A culture of accountability is essential to organizational success.
While adopting a “winning” culture has a powerful impact on individual performances, it does not necessarily foster accountability, nor does it empower employees to take ownership.
What can leaders do today to empower their people to take ownership and develop high levels of trust within their immediate team but throughout all levels of the organization?
Here are six tips to help you strengthen your workplace into one that has a culture of accountability.
1. Understand What Drives Individuals and Teams
To inspire a culture of accountability, you first need to identify what that looks like for each person.
What inspires and motivates your employees?
Can you identify character strengths that are complimentary when working in teams?
A sense of competition can overwhelm team cohesion in an employee’s drive to succeed, and processes become blurred.
Self-accountability does not come naturally for everyone. However, some employees instinctively take the initiative, manage their assigned projects well while maintaining a great working relationship with the team. Those are the ones who exhibit accountability from their core.
2. Ensure that Individual Roles are Clearly Defined
Roles should be clearly defined at all levels. This is important to build trust and set expectations.
When roles are clear and the processes are defined, people will not struggle with accountability because they understand what part they play in the company’s success and what everyone else’s functions are.
When this happens, no one should be overloading or underworking as all are aware of their individual responsibilities while also being accountable for the team’s overall success.
3. Focus on Team Processes
There is an exponential impact when we don’t hold ourselves accountable. When one is delayed even by minutes, the entire team is held back too.
Execution suffers without a culture of accountability.
Here are some questions to consider as you examine team behaviour:
- Does each member lack enough information to get their part done?
- Do they work together efficiently?
- Is there a weaker link that needs more attention?
- Does the strongest team member take responsibility to encourage the others to take ownership of their roles?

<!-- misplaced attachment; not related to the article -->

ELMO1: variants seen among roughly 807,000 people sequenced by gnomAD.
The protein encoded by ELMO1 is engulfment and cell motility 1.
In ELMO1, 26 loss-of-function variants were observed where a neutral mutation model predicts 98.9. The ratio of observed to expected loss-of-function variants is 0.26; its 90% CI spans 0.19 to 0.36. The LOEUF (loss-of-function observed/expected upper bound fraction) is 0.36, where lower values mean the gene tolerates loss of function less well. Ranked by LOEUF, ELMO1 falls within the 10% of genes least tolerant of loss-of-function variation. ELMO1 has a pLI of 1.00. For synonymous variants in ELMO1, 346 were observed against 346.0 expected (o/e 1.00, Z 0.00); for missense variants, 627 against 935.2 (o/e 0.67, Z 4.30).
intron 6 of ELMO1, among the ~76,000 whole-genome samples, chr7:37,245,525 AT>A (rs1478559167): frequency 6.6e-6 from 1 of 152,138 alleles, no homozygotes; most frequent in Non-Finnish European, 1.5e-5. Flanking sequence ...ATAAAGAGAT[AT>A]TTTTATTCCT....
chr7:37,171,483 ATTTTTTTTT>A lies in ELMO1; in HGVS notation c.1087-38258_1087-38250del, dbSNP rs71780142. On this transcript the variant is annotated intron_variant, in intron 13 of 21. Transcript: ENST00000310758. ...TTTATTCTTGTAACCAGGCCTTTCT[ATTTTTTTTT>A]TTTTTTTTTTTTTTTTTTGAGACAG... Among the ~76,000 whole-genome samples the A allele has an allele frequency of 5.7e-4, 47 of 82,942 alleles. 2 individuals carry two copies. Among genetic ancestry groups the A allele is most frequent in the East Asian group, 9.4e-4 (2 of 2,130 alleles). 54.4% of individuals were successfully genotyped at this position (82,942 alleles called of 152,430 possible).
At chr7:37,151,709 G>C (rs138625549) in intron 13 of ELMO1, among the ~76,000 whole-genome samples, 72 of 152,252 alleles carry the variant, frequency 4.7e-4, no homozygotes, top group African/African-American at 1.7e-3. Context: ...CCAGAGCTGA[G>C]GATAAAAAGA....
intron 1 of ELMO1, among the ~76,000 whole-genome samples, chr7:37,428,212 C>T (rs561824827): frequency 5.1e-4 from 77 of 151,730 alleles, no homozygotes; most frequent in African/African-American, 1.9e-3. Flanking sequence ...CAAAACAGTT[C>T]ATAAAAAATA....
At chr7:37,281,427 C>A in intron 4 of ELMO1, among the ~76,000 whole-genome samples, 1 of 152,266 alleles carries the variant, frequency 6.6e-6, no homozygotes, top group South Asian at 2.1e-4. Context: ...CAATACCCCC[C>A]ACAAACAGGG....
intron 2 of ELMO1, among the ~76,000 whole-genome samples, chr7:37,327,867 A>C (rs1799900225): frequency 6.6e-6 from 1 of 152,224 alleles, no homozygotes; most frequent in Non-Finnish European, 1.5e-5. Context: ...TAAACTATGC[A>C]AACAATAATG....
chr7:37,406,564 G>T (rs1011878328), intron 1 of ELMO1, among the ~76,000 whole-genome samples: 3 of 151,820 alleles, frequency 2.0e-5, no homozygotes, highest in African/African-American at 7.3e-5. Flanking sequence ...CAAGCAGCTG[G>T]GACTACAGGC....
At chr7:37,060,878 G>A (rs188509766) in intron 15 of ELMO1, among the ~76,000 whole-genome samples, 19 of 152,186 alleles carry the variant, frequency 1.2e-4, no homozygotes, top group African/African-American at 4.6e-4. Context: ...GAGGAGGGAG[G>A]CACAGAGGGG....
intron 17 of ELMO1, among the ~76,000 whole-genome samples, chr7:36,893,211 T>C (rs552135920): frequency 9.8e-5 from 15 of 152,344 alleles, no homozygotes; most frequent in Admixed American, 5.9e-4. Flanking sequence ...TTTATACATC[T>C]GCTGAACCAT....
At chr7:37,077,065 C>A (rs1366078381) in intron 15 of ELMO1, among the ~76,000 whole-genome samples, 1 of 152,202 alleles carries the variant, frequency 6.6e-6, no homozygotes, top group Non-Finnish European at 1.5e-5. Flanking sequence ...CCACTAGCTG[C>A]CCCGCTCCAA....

Read more about how to organize your team for maximum productivity.
4. Be Consistent
To build trust, you must minimize fear and show that you are consistent with your expectations.
When you make it clear that there will be consequences for infractions like being chronically late or incomplete work, don’t let things slide. When employees feel like they can get away with something, they start to slack off, take it easy and lose that sense of urgency.
A leadership coach would advise never to openly punish any team member just to set an example to the others.
Even the most responsible employees will sometimes mess up due to a lapse in judgment or perhaps a personal issue affecting them at work.
Nonetheless, an accountable employee knows how to accept the consequences respectfully and will harbor no ill feelings because they acknowledge their faults.
5. Use Measurable Metrics to Establish Meaningful Goals
When your organization demonstrates transparency, as it should if you want to nurture a culture of accountability, setting goals that are measurable communicates a clear expectation to each team member.
These goals should be specific, measurable, and actionable. At the same time, each step needs to be linked to a meaningful purpose.
Receiving recognition when goals are achieved based on the numbers creates healthy competition in the workplace because the reward is not based on favoritism but on fair and indisputable metrics.
Read my blog on better goal setting for tips.
6. Set Healthy Expectations
With any growth in workplace culture, small steps are best. It’s essential not to expect too much too soon; otherwise, staff and leadership can become frustrated and might be tempted to throw in the towel.
With practice and solid leadership, it will become natural for everyone to communicate openly, take ownership, exchange ideas, and express what accountability means for them over time.
A culture of accountability will naturally flourish when accountability is consistently promoted and rewarded in the workplace.
Get Help Keeping Your Staff Accountable
Any improvement in workplace culture is not going to happen overnight, and consulting with an unbiased expert can be extremely helpful when it comes to making changes.
I have over 30 years of experience in corporate development, business process optimization, corporate turnarounds and revitalizations, team building, and organizational leadership. If you’re interested in leveling up your business in any of these areas, let’s jump on a call to brainstorm some strategic leadership concepts. Then, without obligation, we can consider if working together would be beneficial.
If that sounds good, you can use this link to schedule a chat. I look forward to learning more about you and your business.
Did you like this article? Here are three more to help:
Why a People-Oriented Culture is a Must for Every Organization
Creating a Useful “Clash of Ideas”
11 Behaviors for Creating Inclusive Environments
This article was originally published in 2016 but has been updated for 2021.